Last Updated:Friday - 09/24/2010
September 27, 2004
Anglican Communion teetering
Homosexual debate corrodes faith's solidarity
On the Other Hand
SPECIAL TO THE WCR
Over the past two years or so, the issue of homosexuality has shaken the worldwide Anglican Communion at its foundations.
While the controversy has simmered for decades, it burst into full, rolling boil with recent unilateral actions by two North American Anglican provinces.
Here in Canada, in 2002, the British Columbia Diocese of New Westminster voted in favour of blessing same-sex unions, a pet project of local Bishop Michael Ingham.
However, the straw that broke the proverbial camel's back came last November when the Episcopal Church of the U.S.A. (ECUSA) consecrated openly homosexual Eugene Robinson as U.S. Episcopal bishop of New Hampshire.
These developments were in spite and contempt of a determination from the once-a-decade international conference of Anglican bishops at Lambeth, England, in 1998, where by a vote of 526 in favour, 70 against, with 45 abstentions, a resolution passed rejecting homosexual practice as "incompatible with Scripture" and opposing the blessing or ordaining of "those involved in same-gender unions."
As a result, in June 2003, Peter Akinola, primate of Nigeria and leader of 18 million Anglicans, severed Communion with the Diocese of New Westminster. The Russian Orthodox Church has severed links with ECUSA.
The Oriental Orthodox churches have suspended talks with the Anglican Communion, and their Church leaders have denounced what they see as an attack on the institution of marriage and the teaching of the Bible about family life.
Within the Anglican Communion, the leaders of 22 of the 38 provinces of the Anglican Communion, representing some 44 million Anglicans, have declared they reject the moves in New Hampshire and New Westminster as incompatible with the Gospel and with the Christian fellowship of which they are part, and that these developments tear the fabric of the communion at its deepest level, and a state of broken communion exists between ECUSA and some 12 to 18 provinces of the communion.
With a crisis unfolding that threatens a breakup of the communion, the archbishop of Canterbury, Dr. Rowan Williams, last fall announced the establishment of the Lambeth Commission, chaired by Archbishop Robin Eames, primate of All Ireland, to report to him by Sept. 30, 2004, on the legal and theological implications flowing from the decisions of the Episcopal Church (USA) to elect a priest in a committed same sex relationship as one of its bishops, and of the Diocese of New Westminster to authorize services for use in connection with same sex unions.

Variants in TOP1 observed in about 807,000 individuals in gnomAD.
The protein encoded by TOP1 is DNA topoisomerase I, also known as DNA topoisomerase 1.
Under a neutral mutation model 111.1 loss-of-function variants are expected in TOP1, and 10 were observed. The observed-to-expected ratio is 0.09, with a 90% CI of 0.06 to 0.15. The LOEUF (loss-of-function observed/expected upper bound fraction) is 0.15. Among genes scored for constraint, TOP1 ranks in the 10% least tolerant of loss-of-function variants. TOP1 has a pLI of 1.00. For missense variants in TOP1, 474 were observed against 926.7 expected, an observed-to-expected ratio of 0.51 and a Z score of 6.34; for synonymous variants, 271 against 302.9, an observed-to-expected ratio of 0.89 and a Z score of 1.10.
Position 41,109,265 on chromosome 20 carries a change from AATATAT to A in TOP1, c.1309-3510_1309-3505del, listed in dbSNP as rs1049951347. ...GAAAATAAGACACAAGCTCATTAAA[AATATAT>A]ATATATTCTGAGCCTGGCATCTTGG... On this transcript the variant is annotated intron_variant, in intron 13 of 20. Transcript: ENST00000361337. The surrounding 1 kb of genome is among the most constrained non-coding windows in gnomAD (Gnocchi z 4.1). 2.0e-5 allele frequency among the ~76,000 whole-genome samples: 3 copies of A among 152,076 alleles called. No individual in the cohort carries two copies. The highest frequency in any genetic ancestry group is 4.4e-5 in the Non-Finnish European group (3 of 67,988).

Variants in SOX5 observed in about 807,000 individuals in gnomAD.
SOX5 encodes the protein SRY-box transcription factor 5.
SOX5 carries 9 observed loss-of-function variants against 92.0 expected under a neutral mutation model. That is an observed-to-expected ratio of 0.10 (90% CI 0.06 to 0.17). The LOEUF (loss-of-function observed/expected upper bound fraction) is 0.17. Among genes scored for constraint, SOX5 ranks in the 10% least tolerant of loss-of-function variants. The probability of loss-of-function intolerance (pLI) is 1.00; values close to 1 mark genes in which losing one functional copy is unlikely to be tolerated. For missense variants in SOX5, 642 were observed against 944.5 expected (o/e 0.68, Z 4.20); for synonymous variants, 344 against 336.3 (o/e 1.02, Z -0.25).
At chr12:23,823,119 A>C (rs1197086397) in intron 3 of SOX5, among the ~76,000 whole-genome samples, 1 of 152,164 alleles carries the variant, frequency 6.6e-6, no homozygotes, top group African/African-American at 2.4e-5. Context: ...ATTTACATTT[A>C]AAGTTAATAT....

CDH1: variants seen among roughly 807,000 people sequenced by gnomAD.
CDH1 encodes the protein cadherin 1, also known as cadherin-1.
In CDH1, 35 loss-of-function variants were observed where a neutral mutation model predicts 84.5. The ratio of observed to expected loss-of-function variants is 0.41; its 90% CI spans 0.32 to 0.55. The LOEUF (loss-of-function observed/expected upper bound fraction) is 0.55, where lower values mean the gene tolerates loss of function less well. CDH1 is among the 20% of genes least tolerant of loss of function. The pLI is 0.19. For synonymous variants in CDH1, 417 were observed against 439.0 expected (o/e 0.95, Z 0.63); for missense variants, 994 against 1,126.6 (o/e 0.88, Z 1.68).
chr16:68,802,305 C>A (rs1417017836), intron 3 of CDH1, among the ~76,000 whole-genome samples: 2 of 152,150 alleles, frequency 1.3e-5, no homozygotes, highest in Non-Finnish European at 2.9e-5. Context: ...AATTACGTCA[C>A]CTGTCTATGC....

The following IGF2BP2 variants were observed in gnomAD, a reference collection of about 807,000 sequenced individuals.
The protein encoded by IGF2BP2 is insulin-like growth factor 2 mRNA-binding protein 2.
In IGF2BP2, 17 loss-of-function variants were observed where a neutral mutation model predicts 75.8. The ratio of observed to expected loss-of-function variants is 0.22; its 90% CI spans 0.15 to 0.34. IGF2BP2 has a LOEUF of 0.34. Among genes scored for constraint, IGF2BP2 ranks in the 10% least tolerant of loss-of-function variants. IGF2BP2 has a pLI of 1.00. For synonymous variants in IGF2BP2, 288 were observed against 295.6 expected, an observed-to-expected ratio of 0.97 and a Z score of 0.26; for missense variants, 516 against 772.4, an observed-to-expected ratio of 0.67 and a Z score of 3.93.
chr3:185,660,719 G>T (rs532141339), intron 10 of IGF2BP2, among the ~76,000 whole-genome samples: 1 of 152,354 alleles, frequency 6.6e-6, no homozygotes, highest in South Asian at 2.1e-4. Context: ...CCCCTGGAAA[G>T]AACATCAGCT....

However, Eames has acknowledged that the Lambeth Commission was not asked to reconsider the teaching of Resolution 1.10 of the Lambeth Conference of 1998, and is not at liberty to do so.
"The question of ministry by or to persons of homosexual orientation is not a matter which can be debated beyond the position adopted there, because the primates made it clear in their statement of last October that Resolution 1.10 remains the formally voiced teaching of the Anglican Communion on this issue. It is part of the basis on which the commission must come to its conclusions, and is not open to renegotiation by the commission."
On Sept. 3, Anglican journalist David Virtue reported that the commission's report "is going to have teeth; it will be disastrous for the Anglican Communion's pansexualists; there will be some kind of 'formal suspension' of the Episcopal Church, following which there will be a radical restructuring of the Anglican Communion."
Virtue also reported that Queen Elizabeth II, who is the official head of the Church of England, "has apparently made it clear to Dr. Rowan Williams that she will not permit the break up of the Anglican Communion over the gay issue."
However, the queen's resolve may be a case of bolting the gate after the horse is gone. The Nigerian Church will shortly send a bishop to the U.S. and is already planting new evangelical Anglican churches on American shores.
A number of orthodox primates have already taken several Episcopal churches under their protection in response to the orthodoxy crisis.
The Washington Times reported that Thomas Logan Jr., rector of Calvary Episcopal Church on Capitol Hill, has challenged the Diocese of Washington with a resolution rebuking same-sex blessings, declaring that "Holy Scripture does not support giving God's blessing to a sexual relationship outside marriage, be that relationship homosexual or heterosexual" and that "councils of the Episcopal Church have, and sometimes will, err."
The 40,000-member Washington Diocese has about 30 openly homosexual clergy and has announced plans to develop its own same-sex "marriage" rite.
Here in Canada, Ingham has shown no sign of backing down.
A breakup of the Anglican Communion may be unstoppable.